Habitat-forming intertidal algae across wave-exposures: An experimental evaluation of plant and herbivore interactions (2002)
AuthorsTaylor, David Ianshow all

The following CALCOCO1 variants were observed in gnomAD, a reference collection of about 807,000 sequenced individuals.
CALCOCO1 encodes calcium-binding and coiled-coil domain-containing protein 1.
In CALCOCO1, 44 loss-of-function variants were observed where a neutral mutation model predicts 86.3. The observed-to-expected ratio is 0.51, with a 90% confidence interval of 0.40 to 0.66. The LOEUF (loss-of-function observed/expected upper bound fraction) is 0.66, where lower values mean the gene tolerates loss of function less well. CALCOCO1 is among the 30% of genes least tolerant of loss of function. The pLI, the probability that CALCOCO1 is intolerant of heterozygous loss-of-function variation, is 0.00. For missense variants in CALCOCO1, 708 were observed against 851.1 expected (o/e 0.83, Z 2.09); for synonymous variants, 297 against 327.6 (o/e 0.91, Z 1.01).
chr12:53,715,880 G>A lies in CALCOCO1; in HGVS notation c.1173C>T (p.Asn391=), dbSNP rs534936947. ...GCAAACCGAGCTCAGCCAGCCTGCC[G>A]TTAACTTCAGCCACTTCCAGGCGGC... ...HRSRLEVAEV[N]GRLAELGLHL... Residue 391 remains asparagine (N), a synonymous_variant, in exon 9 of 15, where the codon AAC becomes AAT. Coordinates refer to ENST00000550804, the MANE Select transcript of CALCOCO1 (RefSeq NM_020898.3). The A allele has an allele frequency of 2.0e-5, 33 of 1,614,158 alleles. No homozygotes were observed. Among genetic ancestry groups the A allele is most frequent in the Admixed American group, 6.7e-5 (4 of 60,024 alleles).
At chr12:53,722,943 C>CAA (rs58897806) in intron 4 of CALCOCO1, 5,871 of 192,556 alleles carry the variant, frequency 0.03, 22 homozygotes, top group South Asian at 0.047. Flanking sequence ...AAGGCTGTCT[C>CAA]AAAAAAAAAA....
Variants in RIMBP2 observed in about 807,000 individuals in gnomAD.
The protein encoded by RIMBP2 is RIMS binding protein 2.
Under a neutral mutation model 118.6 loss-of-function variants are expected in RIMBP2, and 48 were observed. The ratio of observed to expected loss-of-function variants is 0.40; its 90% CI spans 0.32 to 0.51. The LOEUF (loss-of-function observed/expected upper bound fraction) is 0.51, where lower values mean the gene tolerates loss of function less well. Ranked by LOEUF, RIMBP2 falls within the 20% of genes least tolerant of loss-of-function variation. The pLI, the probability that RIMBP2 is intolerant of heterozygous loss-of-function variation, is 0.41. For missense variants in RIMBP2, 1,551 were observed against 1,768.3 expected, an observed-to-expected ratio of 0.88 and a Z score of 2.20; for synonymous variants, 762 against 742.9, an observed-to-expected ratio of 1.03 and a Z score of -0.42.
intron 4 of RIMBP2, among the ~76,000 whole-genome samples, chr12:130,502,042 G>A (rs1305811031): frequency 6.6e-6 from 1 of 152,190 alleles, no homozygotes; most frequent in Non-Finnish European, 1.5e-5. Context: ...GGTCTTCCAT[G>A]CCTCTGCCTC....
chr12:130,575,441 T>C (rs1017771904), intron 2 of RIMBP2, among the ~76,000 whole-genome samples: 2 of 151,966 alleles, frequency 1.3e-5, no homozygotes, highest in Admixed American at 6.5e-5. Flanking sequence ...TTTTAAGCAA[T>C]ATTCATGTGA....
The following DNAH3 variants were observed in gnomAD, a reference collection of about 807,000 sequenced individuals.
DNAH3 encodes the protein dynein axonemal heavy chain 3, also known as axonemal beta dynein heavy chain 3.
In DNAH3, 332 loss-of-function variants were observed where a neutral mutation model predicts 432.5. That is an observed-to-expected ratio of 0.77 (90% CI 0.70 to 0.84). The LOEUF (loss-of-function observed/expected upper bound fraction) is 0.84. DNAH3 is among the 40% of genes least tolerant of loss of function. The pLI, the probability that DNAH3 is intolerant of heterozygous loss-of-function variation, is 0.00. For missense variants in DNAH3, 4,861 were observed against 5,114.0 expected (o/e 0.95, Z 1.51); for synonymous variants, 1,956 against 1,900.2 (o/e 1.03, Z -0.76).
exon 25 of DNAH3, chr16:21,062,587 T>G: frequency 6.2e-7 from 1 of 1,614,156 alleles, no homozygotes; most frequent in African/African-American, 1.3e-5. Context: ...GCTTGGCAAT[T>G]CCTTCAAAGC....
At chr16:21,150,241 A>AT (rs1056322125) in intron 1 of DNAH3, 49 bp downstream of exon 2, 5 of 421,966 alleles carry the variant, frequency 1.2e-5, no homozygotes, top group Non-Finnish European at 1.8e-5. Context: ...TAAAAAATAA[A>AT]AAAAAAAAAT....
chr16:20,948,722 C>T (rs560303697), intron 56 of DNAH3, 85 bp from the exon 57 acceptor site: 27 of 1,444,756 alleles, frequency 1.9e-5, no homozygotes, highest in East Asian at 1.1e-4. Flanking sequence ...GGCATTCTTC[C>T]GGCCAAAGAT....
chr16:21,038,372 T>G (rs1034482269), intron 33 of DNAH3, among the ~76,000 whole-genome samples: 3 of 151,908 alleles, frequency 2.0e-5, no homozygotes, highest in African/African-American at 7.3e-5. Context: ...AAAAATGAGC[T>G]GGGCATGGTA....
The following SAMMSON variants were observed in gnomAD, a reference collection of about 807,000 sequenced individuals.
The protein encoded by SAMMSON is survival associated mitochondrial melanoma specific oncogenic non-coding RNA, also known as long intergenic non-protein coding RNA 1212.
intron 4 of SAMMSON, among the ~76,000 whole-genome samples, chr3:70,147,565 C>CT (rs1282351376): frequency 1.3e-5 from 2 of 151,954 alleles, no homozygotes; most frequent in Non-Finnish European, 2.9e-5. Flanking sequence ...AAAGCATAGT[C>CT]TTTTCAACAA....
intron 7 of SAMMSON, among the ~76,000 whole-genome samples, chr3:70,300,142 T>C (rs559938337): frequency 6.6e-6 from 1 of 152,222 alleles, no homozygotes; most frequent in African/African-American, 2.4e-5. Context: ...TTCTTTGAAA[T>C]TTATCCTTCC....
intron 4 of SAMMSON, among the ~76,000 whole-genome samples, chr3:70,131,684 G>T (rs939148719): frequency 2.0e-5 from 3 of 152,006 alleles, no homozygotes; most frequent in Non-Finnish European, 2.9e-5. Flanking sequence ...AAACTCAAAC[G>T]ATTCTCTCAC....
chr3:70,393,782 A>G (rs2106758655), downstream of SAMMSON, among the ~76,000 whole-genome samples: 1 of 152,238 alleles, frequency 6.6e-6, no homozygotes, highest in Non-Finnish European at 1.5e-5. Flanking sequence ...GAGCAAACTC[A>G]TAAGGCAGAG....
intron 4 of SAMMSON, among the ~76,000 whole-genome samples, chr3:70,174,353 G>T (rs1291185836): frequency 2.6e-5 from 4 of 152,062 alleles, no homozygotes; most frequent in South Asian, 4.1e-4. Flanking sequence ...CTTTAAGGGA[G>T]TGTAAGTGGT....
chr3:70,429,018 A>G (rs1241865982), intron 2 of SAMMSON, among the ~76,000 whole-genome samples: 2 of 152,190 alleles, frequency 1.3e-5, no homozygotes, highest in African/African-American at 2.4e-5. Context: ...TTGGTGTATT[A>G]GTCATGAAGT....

Ecological factors influencing the distribution, survival and growth across wave exposures of different life stages of some intertidal habitat-forming fucoid algae in southern New Zealand and Oregon were examined. Transect and quadrat sampling in southern New Zealand showed changes in patterns of habitat-forming intertidal algae across wave-exposures. Biomass and species richness across exposures varied greatly and was concentrated in the lower tidal zone. On wave-exposed platforms lower tidal zone biomass was often dominated by the bull kelp Durvillaea antarctica, mussels Perna canaliculus or suites of red algae (Gigartina species). Biomass in the lower tidal zones at moderately exposed platforms was dominated by perennial brown algae like Cystophora torulosa, C. scalaris and was dominated by the fucoid alga Hormosira banksii and the blue mussel Mytilus galloprovincialis at sheltered sites. Invertebrate herbivore abundance and biomass were similar across exposures but the greatest species richness was found in the upper tidal zones. Predator abundance was greatest at sheltered and exposed sites that were dominated by filter-feeder habitats. Settlement experiments compared the relative ability of Hormosira banksii, Cystophora torulosa and Durvillaea antarctica, to remain attached when exposed to a low energy wave after post-settlement attachment times of 1, 6 and 12 hours. Results showed the exposed shore species D. antarctica had better attachment capabilities than C. torulosa and H banksii which are more abundant at wave protected sites. In another set of experiments zygotes were subjected to a full 12-hr tidal-cycle in the field after post-settlement attachment times of 1, 6, and 12 hours. H banksii survival was again dependent on post-settlement attachment time and showed a negative relationship with wave exposure while D. antarctica survival was not affected by wave exposure or post-settlement attachment time. In identical experiments in Oregon, survival across exposures of Fucus gardneri and Pelvetiopsis limitata was not significantly different and was largely dependent on sites within exposures. However, a post-settlement time of at least six hours was required for greatest survival of P. limitata and F. gardneri. These results suggest that sheltered shore species may be constrained in their distribution and abundance across exposures from the outset due to required attachment times. Transplant experiments using early life stages of habitat-forming large brown algae were done across wave exposures at different times and at different spatial scales in different hemispheres. Specific hypotheses of models of community structure relating to the effects of grazers across exposures were tested using Durvillaea antarctica and Hormosira banksii in New Zealand, and Fucus gardneri and Pelvetiopsis limitata in Oregon. Invertebrate grazer effects were similar across exposures but interactions with ephemeral algae, which were most abundant at exposed sites, and sedimentation at sheltered and intermediate sites were important in both hemispheres. Experiments showed that all species were able to reach the visible recruit stage at all exposures if protected from invertebrate grazers. For all species growth was greatest during spring and summer at wave-exposed sites. Factors affecting the fine scale distribution of Durvillaea antarctica were tested in a canopy removal and substratum clearance experiment repeated at different times over a year. The results showed that the time of clearance affected recruitment of D. antarctica. Greatest recruitment was observed under adult canopies at one site and generally recruitment was greatest in coralline removal treatments. Transplant experiments using Durvillaea antarctica recruits were used to test growth and survival across exposures and across coastlines. I found that the distribution of D. antarctica across exposures and across coastlines is constrained by the selective grazing activities of the herbivorous fish Odax pullus. Traditional models of intertidal systems often do not reflect changes in the importance of biological and physical factors at different life stages. The innovation of this study is that even over hemispheric scales these intertidal habitat-forming algae are constrained by their life-history characteristics and demographic processes across wave exposures. There were clear differences in the relative abilities of algae to attach quickly to the substratum. At early life stages, the effects of invertebrate grazers were the same across intertidal wave exposure gradients but these affects interacted with growth rates, the environmental effects of sedimentation and the biological interaction with ephemeral algae. For Durvillaea antarctica, after reaching the recruit stage its distribution and abundance across exposures and coastlines was determined by the grazing effects of the butterfish Odax pullus. I propose a community structure model that incorporates changes in the importance of biological and physical processes at different life stages.